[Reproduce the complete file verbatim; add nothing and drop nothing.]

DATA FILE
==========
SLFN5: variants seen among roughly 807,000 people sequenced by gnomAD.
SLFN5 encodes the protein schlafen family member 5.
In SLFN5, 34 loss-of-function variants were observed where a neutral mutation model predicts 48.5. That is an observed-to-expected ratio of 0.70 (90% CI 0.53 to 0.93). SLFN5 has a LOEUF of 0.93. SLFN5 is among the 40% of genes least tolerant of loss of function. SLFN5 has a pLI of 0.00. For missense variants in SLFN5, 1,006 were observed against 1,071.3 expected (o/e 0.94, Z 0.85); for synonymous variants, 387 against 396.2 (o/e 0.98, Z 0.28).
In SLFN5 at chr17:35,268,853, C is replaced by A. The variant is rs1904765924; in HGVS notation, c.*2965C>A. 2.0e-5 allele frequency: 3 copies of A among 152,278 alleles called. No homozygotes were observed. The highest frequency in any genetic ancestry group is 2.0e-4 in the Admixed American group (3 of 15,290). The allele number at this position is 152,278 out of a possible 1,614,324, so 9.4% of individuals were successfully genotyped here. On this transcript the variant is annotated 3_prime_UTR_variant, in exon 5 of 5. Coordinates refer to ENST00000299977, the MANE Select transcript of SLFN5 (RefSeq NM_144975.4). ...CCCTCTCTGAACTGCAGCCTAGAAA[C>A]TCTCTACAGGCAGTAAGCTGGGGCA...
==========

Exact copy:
SLFN5: variants seen among roughly 807,000 people sequenced by gnomAD.
SLFN5 encodes the protein schlafen family member 5.
In SLFN5, 34 loss-of-function variants were observed where a neutral mutation model predicts 48.5. That is an observed-to-expected ratio of 0.70 (90% CI 0.53 to 0.93). SLFN5 has a LOEUF of 0.93. SLFN5 is among the 40% of genes least tolerant of loss of function. SLFN5 has a pLI of 0.00. For missense variants in SLFN5, 1,006 were observed against 1,071.3 expected (o/e 0.94, Z 0.85); for synonymous variants, 387 against 396.2 (o/e 0.98, Z 0.28).
In SLFN5 at chr17:35,268,853, C is replaced by A. The variant is rs1904765924; in HGVS notation, c.*2965C>A. 2.0e-5 allele frequency: 3 copies of A among 152,278 alleles called. No homozygotes were observed. The highest frequency in any genetic ancestry group is 2.0e-4 in the Admixed American group (3 of 15,290). The allele number at this position is 152,278 out of a possible 1,614,324, so 9.4% of individuals were successfully genotyped here. On this transcript the variant is annotated 3_prime_UTR_variant, in exon 5 of 5. Coordinates refer to ENST00000299977, the MANE Select transcript of SLFN5 (RefSeq NM_144975.4). ...CCCTCTCTGAACTGCAGCCTAGAAA[C>A]TCTCTACAGGCAGTAAGCTGGGGCA...